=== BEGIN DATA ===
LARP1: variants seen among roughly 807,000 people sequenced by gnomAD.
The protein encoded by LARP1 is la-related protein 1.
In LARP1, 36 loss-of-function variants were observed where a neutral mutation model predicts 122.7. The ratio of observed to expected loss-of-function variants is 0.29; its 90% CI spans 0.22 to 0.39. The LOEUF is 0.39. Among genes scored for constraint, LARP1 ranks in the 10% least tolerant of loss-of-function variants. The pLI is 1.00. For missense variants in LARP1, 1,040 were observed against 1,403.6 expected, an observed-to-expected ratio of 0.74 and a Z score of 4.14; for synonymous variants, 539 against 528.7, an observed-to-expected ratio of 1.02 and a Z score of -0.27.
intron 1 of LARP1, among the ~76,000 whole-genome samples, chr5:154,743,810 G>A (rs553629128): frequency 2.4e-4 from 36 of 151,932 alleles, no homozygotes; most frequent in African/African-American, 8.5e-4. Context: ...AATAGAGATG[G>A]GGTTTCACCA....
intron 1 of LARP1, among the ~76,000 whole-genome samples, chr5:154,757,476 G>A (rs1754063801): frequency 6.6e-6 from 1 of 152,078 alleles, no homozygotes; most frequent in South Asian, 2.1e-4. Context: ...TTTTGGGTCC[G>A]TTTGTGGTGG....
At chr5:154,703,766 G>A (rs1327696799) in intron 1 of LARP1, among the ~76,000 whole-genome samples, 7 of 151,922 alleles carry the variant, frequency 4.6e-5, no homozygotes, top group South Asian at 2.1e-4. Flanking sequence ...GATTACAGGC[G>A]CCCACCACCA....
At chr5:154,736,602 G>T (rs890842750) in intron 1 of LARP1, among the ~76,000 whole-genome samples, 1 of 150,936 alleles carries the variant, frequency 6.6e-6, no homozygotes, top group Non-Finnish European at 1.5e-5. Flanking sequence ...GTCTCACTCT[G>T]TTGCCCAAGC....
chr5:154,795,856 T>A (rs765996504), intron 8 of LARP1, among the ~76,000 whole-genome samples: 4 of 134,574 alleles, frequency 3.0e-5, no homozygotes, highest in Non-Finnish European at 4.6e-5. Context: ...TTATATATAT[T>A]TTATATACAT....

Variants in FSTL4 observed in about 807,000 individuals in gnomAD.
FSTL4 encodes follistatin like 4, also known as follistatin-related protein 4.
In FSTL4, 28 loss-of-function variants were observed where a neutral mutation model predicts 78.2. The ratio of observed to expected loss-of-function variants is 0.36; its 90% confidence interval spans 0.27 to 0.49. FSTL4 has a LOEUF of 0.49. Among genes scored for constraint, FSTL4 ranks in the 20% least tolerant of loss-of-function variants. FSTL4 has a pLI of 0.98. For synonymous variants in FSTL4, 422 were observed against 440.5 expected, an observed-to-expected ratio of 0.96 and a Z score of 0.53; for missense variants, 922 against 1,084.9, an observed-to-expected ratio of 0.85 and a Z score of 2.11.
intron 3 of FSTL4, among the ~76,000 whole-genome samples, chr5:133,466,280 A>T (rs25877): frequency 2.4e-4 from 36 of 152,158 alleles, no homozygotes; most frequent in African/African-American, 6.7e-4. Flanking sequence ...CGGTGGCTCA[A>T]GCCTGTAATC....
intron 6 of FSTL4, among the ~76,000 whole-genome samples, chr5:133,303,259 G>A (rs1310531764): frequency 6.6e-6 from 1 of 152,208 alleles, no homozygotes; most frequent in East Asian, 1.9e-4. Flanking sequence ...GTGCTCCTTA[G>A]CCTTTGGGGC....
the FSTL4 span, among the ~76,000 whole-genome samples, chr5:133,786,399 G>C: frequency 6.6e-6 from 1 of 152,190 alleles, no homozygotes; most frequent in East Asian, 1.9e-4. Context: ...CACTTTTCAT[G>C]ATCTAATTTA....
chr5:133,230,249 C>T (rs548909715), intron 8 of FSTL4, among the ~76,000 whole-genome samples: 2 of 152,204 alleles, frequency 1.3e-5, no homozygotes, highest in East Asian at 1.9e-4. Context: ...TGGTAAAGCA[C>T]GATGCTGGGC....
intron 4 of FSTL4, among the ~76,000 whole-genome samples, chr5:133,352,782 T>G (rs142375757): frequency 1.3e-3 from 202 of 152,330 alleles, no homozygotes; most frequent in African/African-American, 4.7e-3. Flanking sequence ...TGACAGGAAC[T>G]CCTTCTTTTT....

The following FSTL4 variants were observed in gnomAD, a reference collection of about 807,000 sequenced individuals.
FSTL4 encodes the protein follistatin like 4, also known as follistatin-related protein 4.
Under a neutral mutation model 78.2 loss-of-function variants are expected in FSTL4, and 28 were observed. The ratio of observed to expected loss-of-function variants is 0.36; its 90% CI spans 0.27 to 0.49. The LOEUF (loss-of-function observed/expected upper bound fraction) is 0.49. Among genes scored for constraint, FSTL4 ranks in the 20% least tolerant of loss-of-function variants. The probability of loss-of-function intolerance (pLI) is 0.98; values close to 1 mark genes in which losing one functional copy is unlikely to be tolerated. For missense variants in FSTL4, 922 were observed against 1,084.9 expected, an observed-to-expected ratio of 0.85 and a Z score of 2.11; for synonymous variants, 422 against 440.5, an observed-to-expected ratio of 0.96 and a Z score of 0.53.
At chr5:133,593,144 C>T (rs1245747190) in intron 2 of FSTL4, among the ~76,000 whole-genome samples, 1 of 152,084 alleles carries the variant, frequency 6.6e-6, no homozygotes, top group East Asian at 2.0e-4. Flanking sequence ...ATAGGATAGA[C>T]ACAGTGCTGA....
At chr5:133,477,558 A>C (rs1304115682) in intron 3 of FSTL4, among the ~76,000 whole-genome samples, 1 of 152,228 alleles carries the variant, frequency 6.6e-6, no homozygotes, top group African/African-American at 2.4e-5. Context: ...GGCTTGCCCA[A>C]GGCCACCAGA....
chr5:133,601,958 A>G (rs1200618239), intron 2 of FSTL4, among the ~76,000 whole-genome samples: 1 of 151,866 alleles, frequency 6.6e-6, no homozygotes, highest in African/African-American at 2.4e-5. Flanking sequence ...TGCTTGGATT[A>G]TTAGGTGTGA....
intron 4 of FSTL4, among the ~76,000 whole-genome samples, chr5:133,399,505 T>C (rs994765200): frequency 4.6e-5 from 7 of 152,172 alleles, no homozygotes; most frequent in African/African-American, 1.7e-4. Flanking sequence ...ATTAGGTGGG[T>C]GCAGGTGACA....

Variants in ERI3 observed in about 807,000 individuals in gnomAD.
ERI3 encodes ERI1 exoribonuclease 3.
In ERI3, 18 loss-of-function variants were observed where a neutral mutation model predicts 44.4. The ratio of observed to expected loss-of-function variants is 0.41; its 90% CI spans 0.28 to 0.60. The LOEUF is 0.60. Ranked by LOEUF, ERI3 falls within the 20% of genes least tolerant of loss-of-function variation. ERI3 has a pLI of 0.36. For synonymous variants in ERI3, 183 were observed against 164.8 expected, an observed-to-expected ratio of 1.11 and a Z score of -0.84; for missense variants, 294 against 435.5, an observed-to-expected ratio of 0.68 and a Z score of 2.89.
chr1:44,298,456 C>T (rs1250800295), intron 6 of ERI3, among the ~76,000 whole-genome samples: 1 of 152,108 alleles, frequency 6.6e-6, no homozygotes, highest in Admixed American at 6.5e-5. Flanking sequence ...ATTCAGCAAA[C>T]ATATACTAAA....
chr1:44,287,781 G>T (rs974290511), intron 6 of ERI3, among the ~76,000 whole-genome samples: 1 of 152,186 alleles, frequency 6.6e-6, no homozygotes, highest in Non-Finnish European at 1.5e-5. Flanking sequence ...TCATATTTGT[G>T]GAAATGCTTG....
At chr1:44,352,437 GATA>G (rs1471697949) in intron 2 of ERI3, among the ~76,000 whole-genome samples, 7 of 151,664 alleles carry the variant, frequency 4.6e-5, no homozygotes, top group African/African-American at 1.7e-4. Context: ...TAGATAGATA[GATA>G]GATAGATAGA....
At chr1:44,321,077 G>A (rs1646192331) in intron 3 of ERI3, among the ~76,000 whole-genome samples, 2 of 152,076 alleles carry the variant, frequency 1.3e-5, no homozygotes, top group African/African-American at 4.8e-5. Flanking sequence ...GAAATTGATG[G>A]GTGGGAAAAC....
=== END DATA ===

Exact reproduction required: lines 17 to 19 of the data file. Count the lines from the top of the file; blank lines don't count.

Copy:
The following FSTL4 variants were observed in gnomAD, a reference collection of about 807,000 sequenced individuals.
FSTL4 encodes the protein follistatin like 4, also known as follistatin-related protein 4.
Under a neutral mutation model 78.2 loss-of-function variants are expected in FSTL4, and 28 were observed. The ratio of observed to expected loss-of-function variants is 0.36; its 90% CI spans 0.27 to 0.49. The LOEUF (loss-of-function observed/expected upper bound fraction) is 0.49. Among genes scored for constraint, FSTL4 ranks in the 20% least tolerant of loss-of-function variants. The probability of loss-of-function intolerance (pLI) is 0.98; values close to 1 mark genes in which losing one functional copy is unlikely to be tolerated. For missense variants in FSTL4, 922 were observed against 1,084.9 expected, an observed-to-expected ratio of 0.85 and a Z score of 2.11; for synonymous variants, 422 against 440.5, an observed-to-expected ratio of 0.96 and a Z score of 0.53.